Example of unreal sentences:

  • Da je ostala tu, sad bi sve bilo u redu. / If she had stayed, now everything would be alright. (unreal formerly potential).
  • Da je bio bolji glumac, možda bi i osvojio neke nagrade. / If he was a better actor, maybe he would win some awards. (unreal, imaginary)
  • Da sam bio na tvom mjestu, ne bih to učinio. / If I were in your shoes, I wouldn’t have done that. (unreal, formerly potential).

‘Future II’ Tense

The regular compound future tense is composed of the auxiliary verb htjeti and the infinitive. Bosnian language also has the second future tense (futur II). Future II is composed of the auxiliary budem + participle. It is used in subordinate clauses after conjunction suggesting future completion of some action but we don’t know for sure if the action will happen (we assume its completion).

 Future II ;

Budem Budemo

Futur II is usually used with KAD / When or AKO / If to express an idea of some action which will trigger another action. Meaning, when you do or complete something, then something else will happen. Kad + future II + Participle + remainder of the sentence. See examples;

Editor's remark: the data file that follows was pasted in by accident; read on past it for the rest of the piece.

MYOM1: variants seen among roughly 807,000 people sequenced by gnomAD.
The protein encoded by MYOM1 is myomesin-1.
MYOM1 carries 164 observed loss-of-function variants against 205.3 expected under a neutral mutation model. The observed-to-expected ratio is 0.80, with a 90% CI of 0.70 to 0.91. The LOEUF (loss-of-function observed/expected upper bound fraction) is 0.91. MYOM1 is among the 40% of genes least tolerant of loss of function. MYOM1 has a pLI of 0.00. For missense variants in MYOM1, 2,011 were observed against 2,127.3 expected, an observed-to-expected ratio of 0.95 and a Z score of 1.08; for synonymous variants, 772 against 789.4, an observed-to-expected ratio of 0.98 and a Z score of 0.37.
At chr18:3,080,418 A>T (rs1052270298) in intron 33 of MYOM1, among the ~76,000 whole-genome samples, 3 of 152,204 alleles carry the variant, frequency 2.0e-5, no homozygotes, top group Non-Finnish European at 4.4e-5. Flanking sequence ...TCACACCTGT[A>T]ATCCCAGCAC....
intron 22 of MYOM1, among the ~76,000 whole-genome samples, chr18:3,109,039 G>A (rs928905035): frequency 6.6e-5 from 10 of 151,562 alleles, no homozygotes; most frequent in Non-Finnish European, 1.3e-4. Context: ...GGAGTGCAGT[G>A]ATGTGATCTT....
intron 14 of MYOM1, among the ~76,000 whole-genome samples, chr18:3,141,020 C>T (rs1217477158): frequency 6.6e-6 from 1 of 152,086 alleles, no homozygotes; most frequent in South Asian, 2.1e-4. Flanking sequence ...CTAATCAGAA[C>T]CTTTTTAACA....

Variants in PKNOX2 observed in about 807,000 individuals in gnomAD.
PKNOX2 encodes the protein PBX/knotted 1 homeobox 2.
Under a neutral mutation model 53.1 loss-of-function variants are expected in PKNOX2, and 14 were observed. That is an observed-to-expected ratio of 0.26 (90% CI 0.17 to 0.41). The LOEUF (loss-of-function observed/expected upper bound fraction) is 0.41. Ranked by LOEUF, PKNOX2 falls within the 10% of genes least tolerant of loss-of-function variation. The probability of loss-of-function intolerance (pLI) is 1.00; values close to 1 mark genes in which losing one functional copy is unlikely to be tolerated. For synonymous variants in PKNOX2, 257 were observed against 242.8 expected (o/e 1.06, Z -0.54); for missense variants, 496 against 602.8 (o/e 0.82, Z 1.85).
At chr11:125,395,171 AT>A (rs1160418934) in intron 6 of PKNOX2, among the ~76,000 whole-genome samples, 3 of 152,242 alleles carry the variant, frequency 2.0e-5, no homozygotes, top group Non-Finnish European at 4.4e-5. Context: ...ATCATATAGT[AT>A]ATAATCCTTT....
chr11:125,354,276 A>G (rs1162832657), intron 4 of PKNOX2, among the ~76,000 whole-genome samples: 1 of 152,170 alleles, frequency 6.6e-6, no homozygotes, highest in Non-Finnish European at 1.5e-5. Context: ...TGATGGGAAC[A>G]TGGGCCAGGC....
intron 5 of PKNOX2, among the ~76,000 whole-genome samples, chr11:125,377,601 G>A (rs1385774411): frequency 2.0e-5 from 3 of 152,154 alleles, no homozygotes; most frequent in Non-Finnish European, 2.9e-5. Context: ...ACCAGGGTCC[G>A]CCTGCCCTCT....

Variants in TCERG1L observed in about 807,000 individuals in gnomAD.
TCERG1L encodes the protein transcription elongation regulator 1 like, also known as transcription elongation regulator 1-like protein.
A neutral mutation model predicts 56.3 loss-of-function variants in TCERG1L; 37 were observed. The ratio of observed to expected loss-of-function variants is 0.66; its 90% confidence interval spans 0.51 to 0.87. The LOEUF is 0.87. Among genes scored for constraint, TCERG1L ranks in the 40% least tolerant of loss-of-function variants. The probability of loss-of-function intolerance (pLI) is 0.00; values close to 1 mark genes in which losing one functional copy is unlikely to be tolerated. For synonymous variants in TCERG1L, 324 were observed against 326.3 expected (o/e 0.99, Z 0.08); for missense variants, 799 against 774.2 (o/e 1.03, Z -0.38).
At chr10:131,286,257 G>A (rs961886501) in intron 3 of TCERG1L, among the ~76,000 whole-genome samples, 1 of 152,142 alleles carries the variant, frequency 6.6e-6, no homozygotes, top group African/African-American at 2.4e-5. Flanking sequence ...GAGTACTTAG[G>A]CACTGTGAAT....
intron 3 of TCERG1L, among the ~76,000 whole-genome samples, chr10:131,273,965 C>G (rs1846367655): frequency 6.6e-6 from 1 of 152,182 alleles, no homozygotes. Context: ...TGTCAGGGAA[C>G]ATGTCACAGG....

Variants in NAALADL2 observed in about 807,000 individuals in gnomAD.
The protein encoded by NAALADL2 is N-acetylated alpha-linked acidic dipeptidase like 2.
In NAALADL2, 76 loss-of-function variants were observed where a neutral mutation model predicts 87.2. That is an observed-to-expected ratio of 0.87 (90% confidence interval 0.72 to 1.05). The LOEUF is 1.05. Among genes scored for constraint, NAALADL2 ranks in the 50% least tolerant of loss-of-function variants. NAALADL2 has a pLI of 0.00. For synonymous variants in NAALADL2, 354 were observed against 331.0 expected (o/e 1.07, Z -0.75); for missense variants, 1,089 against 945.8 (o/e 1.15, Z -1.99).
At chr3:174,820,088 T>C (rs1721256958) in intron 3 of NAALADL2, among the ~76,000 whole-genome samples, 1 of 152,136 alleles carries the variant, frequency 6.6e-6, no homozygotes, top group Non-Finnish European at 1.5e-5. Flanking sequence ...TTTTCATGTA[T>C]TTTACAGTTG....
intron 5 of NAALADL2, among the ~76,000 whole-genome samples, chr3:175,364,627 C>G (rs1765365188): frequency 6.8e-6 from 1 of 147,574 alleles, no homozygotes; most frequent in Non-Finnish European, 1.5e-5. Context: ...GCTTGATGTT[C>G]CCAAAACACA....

• Kad budem išao na more, povest ću i tebe sa sobom. / When I go to the sea (beach) I will take you with me.
  • Kad budeš imao zabavu, pozovi i mene. / When you have a party, invite me also.
  • Kad budu bili pametniji, bit će pozvani na zabavu. / When they become smarter, they will be invited to the party.

Sentences with Ako / If are created by Ako + Future II + conj. verb in present tense or participle + remainder of the sentence;

  • Ako budu pametni naučit će gradivo. / If they are (will be) smart they will learn the subject matter.
  • Donijet ću ti poklon ako budem išla na Havaje / I will bring you a gift if I go (end up going) to Hawaii.
  • Ako bude sreće, javit će mi se. / If there (will be) is luck, he/she will call me.

Word order